Fuelling VIVO with rich meta-data from a RIS system
2015-09-23T20:21:44Z (GMT) by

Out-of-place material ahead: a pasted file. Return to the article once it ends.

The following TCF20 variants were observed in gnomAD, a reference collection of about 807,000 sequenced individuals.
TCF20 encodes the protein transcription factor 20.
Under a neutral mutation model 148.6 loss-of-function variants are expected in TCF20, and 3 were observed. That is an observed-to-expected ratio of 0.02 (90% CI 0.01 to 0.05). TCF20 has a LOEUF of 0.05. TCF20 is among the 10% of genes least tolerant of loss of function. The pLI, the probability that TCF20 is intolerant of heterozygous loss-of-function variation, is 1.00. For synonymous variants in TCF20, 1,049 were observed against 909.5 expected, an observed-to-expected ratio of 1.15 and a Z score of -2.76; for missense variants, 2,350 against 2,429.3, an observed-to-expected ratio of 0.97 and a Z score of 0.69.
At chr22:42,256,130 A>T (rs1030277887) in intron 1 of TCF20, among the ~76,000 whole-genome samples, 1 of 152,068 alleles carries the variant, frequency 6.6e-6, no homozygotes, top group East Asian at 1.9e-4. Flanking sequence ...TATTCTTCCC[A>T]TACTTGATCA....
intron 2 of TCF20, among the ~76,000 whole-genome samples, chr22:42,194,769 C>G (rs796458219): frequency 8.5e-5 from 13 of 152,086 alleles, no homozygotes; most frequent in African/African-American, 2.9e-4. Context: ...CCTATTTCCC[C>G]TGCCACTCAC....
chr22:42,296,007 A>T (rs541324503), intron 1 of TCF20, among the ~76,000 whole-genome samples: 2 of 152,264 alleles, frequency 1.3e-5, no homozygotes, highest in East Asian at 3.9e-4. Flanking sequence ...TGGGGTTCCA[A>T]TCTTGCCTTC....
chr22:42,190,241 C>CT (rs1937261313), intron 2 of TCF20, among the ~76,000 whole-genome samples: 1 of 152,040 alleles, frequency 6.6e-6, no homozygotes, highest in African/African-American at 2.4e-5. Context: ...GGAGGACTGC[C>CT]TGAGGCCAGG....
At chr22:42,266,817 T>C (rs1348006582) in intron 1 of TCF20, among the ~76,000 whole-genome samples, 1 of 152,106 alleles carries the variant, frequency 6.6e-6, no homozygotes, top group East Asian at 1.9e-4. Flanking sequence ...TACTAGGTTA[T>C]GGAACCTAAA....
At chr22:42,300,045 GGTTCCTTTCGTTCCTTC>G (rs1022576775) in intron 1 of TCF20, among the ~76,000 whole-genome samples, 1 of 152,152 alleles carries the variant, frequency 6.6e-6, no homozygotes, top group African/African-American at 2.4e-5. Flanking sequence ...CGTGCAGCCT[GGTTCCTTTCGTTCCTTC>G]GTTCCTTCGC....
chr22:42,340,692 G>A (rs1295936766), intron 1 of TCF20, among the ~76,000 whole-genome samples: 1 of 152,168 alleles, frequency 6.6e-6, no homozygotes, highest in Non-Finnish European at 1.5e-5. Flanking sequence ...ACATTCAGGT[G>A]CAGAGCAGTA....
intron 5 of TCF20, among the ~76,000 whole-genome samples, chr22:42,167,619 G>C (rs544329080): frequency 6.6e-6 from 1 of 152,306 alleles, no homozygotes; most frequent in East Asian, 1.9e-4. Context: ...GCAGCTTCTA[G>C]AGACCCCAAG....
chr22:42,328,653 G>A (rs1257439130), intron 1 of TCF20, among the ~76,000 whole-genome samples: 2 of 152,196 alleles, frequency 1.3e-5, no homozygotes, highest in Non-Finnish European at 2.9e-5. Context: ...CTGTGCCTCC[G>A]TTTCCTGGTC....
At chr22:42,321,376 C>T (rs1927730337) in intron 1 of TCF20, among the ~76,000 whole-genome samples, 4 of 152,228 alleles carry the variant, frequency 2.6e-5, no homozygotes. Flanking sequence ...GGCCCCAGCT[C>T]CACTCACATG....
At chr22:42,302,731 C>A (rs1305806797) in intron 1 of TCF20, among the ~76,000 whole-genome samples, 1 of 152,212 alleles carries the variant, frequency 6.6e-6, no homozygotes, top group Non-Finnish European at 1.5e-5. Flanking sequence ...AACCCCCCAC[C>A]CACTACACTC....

A modern Research Information System (RIS) aims to capture very complete, fine-grained and coherent meta-data about research at an institution - such as research outputs, projects, external income and expenditure, awards, activities, impact, and research data sets as produced by the academics/faculty at the institution. One of the main purposes of having a RIS is to perform internal or external research assessments and evaluation of the workfore, or just plain measurement in context of income and output. The over-all requirements for a RIS is a rich and fine-grained model, advanced tools for managing and visualising data within the RIS, supplying workflows, reporting on data, as well as means for public exhibition of data stored in the RIS, in effect showcasing the strength of the institution. <br><br>In contrast to a RIS like VIVO - most comercial RIS systems are build on top of a relational database - for many good and sound reasons. So the question is - what if you wan’t to supply networking capabilities between traditional, enterprise level, RIS systems, similar to what you can achieve with a number of connected VIVO systems? You could 1) create you own networking tool that aggregates appropriate information from the individual systems as done before for VIVO systems, 2) you can setup a VIVO “index” for each system populated RIS with information from each individual system, or 3) build a SPARQL parser that translates SPARQL quires into you own internal data-model. Common for all these solutions is that they allow your RIS system to connect to a VIVO network. So far we have implemented two of these options - and, would like to share the experiences we have made so far, both in terms of the usefulness of the tools, but also in terms of the experiences we made build the tools.<br><br>Option 1: The concept of a VIVO “index” is quite simple - just push whatever information you have in your master system to a tripple store, while adhering to the VIVO ontology. So you basically just need a triple store and a SPARQL server, like Apache Jena (Fuseki). The challenges here are the mapping of meta-data between the two diffrent meta-data models and implementing a mechanism for incremental updates of the triple store based on updates in the master system. Benefit of the solution is having a VIVO “compliant” exhibition of data via a SPARQL endpoint. Downside being that you now have yet another “server” to maintain. We will elaborate much more on these pros and cons during the presentation. <br><br>Option 2: Creating your own networking tool - or a Community Service as we call it - is fairly simple - especially if you are only aggregating data from systems that have a well-defined standard interface for harvesting. Our Community Service currently aggregates more than 90.000 researchers, 3.000.000 publications, 115.000 grants and a small number of equipment (new feature). The Community Services is fed with information from Pure systems (or RIS) via their individual web-services. This web-service provide a basic harvesting mechanism that allows clients (the aggregator) to harvest all information in the instance, or simply harvest changes in the RIS since last harvest. Benefit of such an approach is a lot of aggregated data, where the downside is a closed ecosystem. We will elaborate more on the details of this solution, as well as present pros and cons during the presentation. <br><br>Finally we will discuss how we could establish a standard for exhibition for networking tools that is platform agnostic.